Snow –

by

To a dyed-in-the-wool Southerner, snow is just another four-letter word.To some people, it is wondrous stuff. This would be mostly in climates where snow falls and it stays cold enough to keep the stuff as snow. These people who like this stuff usually do or depend upon winter sports types for economic gain.

Down here in the South, snow is a whole different critter. First off, we don’t have it enough to have a whole lot of heavy-duty road clearing equipment on hand. Secondly, we don’t usually get snow. We get a mixture of snow, sleet, rain – just makes a slushy goo that is neither pretty nor useful. We don’t have pretty fluffy stuff, we have a mixture that is pure treachery and usually just looks dirty.

About the most dangerous thing around here is a Yankee with a 4-wheel drive in an Atlanta ice storm. You can drive up I-400 and see them ploughed into the median about every half mile or so. See, Yanks are used to driving in snow. Even when we get snow, the temperature/humidity is usually just right to for ice on the roads. Now while you might be good at driving on snow, nobody is good at driving on ice. And the real capper is that we get black ice – a lot. Black ice is just about impossible to see. You just drive along happily on a fairly normal road until you hit black ice. Then you are toast with zero traction. Not a good thing at all. Chains would help on ice, of course, but we have such patchy roads with large clear spots between ice patches that chains just tear up your tires on our roads.

Of course, for a kid, even Southern snow is a goodness. We shut down the schools when snow hits. There is good reason for this. As I said, we cannot drive safely. Southern kids do all the normal snow stuff, or at least we did when I was a kid. Snowball fights. Snow angels. Snowmen. And the ubiquitous snow ice cream – with the attendant joke – don’t eat the yellow snow.

Snow ice cream is easy to make. My mother came from Kentucky and knew about such things. Get a bowl full of very clean, fluffy snow. Sprinkle sugar over it. Add vanilla extract. Mix in a bit of milk or cream and stir it all up. Eat it with a spoon. There’s nothing else in the world quite like it.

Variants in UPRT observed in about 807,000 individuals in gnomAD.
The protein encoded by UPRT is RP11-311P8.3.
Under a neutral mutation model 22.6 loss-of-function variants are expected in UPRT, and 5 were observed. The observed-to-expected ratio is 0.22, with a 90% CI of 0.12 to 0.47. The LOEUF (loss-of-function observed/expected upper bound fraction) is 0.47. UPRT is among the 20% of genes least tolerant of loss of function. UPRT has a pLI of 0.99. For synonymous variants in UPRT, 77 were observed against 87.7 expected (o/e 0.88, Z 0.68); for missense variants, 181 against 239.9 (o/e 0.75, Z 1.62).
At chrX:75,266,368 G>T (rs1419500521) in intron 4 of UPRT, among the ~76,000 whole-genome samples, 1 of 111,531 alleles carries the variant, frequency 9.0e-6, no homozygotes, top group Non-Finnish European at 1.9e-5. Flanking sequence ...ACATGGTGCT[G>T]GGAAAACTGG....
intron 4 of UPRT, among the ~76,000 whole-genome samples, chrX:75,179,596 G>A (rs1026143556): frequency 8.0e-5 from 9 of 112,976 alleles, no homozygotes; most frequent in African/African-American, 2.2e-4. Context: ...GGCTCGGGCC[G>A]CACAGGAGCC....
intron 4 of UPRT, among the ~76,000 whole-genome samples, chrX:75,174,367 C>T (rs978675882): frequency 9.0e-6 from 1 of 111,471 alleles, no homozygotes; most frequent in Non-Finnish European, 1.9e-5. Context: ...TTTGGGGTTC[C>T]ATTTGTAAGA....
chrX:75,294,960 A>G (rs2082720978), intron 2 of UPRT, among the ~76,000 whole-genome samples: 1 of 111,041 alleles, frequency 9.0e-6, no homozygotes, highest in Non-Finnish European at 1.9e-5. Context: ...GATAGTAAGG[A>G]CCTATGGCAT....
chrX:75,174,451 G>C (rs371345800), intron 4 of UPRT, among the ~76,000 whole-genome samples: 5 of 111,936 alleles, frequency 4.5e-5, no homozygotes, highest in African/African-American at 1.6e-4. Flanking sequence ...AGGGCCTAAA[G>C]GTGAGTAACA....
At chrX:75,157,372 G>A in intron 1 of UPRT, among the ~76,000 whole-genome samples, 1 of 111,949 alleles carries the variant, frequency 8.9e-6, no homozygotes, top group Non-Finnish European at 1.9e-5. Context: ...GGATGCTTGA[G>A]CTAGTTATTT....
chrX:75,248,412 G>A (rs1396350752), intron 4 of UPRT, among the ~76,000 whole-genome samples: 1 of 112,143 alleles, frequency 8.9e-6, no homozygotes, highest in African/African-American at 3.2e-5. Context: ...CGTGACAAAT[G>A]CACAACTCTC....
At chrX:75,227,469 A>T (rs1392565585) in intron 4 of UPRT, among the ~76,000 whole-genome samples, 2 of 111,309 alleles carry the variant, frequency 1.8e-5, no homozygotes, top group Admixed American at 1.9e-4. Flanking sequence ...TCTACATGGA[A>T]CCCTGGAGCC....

{{Herself Sez}}: My grandmother was from KY also, and my mother was born there, although she was raised in MS. We used to subscribe to Mathis Dairy (as did the Ol’ Curmudgeon’s folks) for our milk. Now, milk was not homogenized back then, so the cream rose to the top – hence the moniker: “cream-line” milk. My little grandmother would spoon some of that heavy top cream into the bowl with the snow along with some sugar.

Now-a-days, snow ice-cream just doesn’t taste “right.” Not just because my taste buds have grown older, but because the cream isn’t “right.” The heavy whipping cream has been “ultra-pasturized” so it will last nearly forever, but it is tasteless. Last time I was able to obtain raw milk, I realized that good taste was the same taste I remembered from childhood! So our attempts to be “safe” from food-borne illnesses has led to decreased flavor in the basic foods we eat. So we flavor them more with salt. More than we need, most of the time. Now, back to Himself:

As an adult I have lost the enjoyment of snow. It is mostly a pain in the butt that makes the roads treacherous and makes it impossible to get work done. But occasionally I can remember the delights of snow in the eyes of a child.

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One Response to “Snow –”

  1. The Blanco Republic Says: